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L band
Frequency Range IEEE: ~1 – 2 GHz
NATO: 40 – 60 GHz

ITU Radio Band Numbers

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L band refers to four different bands of the electromagnetic spectrum: 40 and 60 GHz (NATO), 1 to 2 GHz (IEEE), 1565 nm to 1625 nm (optical), and around 3.5 microns (infrared astronomy).

Contents

NATO L band

The NATO L band is defined as the frequency band between 40 and 60 GHz (5–7.5 mm).

IEEE L band

The IEEE L band (20-cm radar long-band) is a portion of the microwave band of the electromagnetic spectrum ranging roughly from 1 to 2 GHz.[1][2] It is used by some communications satellites, and for some terrestrial Eureka 147 digital audio broadcasting (DAB). The amateur radio service also has an allocation between 1240 and 1300 MHz (23-centimeter band). The L band refers to the frequency range of 950 MHz to 1450 MHz. It is the result of the downconversion of the received downlink satellite signals (C, Ku or Ka) by the LNB (Low-noise block converter).

Military use

In the United States and overseas territories, the L band is held by the military for telemetry, thereby forcing digital radio to in-band on-channel (IBOC) solutions. DAB is typically done in the 1452–1492-MHz range as in most of the world, but other countries also use VHF and UHF bands.

GNSS

The Global Positioning System carriers are in the L band, centered at 1176.45 MHz (L5), 1227.60 MHz (L2), 1381.05 MHz (L3), and 1575.42 MHz (L1) frequencies.

Telecommunications use

GSM mobile phones operate at 800–900 and 1800–1900 MHz. Iridium Satellite LLC phones use frequencies between 1616 and 1626.5MHz[3] to communicate with the satellites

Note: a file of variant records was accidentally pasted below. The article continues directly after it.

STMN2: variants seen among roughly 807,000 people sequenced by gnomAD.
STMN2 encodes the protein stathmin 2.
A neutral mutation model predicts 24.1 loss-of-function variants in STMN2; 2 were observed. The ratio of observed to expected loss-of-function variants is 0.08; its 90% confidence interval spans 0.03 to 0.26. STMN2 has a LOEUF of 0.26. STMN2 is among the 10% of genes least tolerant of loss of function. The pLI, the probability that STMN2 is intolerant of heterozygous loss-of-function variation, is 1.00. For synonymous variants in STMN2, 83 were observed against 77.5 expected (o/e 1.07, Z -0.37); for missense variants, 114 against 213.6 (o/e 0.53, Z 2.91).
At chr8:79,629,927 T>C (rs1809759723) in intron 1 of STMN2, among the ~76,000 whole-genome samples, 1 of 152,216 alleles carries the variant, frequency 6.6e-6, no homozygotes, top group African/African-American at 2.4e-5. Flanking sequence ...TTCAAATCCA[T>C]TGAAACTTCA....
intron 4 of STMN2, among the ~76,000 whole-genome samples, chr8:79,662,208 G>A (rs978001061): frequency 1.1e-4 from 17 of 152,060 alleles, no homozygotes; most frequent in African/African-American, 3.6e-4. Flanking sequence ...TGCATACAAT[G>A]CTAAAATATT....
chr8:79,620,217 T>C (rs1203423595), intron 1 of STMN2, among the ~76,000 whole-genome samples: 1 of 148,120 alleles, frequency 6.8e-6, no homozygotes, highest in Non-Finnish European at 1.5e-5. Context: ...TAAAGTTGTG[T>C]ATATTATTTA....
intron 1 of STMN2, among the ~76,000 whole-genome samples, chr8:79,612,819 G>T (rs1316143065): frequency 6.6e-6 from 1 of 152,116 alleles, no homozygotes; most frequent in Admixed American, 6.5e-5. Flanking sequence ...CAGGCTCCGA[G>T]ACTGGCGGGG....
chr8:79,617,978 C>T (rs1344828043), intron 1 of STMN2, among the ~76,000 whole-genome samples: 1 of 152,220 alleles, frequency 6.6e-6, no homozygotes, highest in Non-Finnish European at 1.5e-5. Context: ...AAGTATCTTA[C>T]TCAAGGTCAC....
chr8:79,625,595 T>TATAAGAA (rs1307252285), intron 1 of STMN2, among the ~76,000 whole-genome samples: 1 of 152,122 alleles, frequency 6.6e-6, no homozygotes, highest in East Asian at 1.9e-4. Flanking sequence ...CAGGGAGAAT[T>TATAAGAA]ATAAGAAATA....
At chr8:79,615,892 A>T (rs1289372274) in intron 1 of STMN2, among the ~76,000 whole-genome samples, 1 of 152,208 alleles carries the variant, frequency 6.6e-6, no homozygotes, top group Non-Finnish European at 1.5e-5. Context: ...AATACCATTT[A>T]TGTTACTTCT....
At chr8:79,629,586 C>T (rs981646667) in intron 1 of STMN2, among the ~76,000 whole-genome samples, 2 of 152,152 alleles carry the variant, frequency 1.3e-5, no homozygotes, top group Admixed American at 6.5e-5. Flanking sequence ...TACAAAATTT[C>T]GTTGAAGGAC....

Digital Audio Broadcasting (Earth Orbital)

WorldSpace satellite radio broadcasts in the 1467–1492 MHz L sub-band.

DAB L band usage

The following blocks are used for T-DAB (terrestrial) broadcasts:

Block Center Frequency
LA 1452.960 MHz
LB 1454.672 MHz
LC 1456.384 MHz
LD 1458.096 MHz
LE 1459.808 MHz
LF 1461.520 MHz
LG 1463.232 MHz
LH 1464.944 MHz
LI 1466.656 MHz
LJ 1468.368 MHz
LK 1470.080 MHz
LL 1471.792 MHz
LM 1473.504 MHz
LN 1475.216 MHz
LO 1476.928 MHz
LP 1478.640 MHz

The following blocks are used for S-DAB (satellite) broadcasts:

Block Center Frequency
LQ 1480.352 MHz
LR 1482.064 MHz
LS 1483.776 MHz
LT 1485.488 MHz
LU 1487.200 MHz
LV 1488.912 MHz
LW 1490.624 MHz

Note: Canada uses slightly different central frequencies for L-band DAB while in many European countries DAB is limited part of Band III due to television and mobile two way radio using the rest.

Physics issues relating to band use

The band also contains the hyperfine transition of neutral hydrogen (the hydrogen line), which is of great astronomical interest as a means of imaging the normally invisible neutral atomic hydrogen in interstellar space. Consequently parts of the L-band are protected radio astronomy allocations world-wide.

Optical communications L band

L band is also used in optical communications to refer to the wavelength range 1565 nm to 1625 nm.

Infrared astronomy

Atmospheric windows in the infrared. The L band is the transmission window centred on 3.5 microns

In infrared astronomy, the L band refers to an atmospheric transmission window centred on 3.5 microns (in the mid-infrared).

Other Microwave bands

The microwave spectrum is usually defined as electromagnetic energy ranging from approximately 1 GHz to 100 GHz in frequency, but older usage includes lower frequencies. Most common applications are within the 1 to 40 GHz range. Microwave frequency bands, as defined by the Radio Society of Great Britain (RSGB), are shown in the table below:

L band 1 to 2 GHz
S band 2 to 4 GHz
C band 4 to 8 GHz
X band 8 to 12 GHz
Ku band 12 to 18 GHz
K band 18 to 26.5 GHz
Ka band 26.5 to 40 GHz
Q band 30 to 50 GHz
U band 40 to 60 GHz
V band 50 to 75 GHz
E band 60 to 90 GHz
W band 75 to 110 GHz
F band 90 to 140 GHz
D band 110 to 170 GHz

Footnote: P band is sometimes incorrectly used for Ku Band. "P" for "previous" was a radar band used in the UK ranging from 250 to 500 MHz and now obsolete per IEEE Std 521, see[1] and [2]. For other definitions see Letter Designations of Microwave Bands

References

  1. ^ "The Electromagnetic Spectrum and the Color Light Spectrum". http://emandpplabs.nscee.edu/cool/temporary/doors/electrospectrum/spectrum.htm.  
  2. ^ McBride, Donald (2006-03-01). "Electromagnetic Frequency Spectrum". http://www.oocities.com/dtmcbride/tech/em-spectrum.html.  
  3. ^ http://www.fcc.gov/Bureaus/International/Orders/1995/da950131.txt

See also








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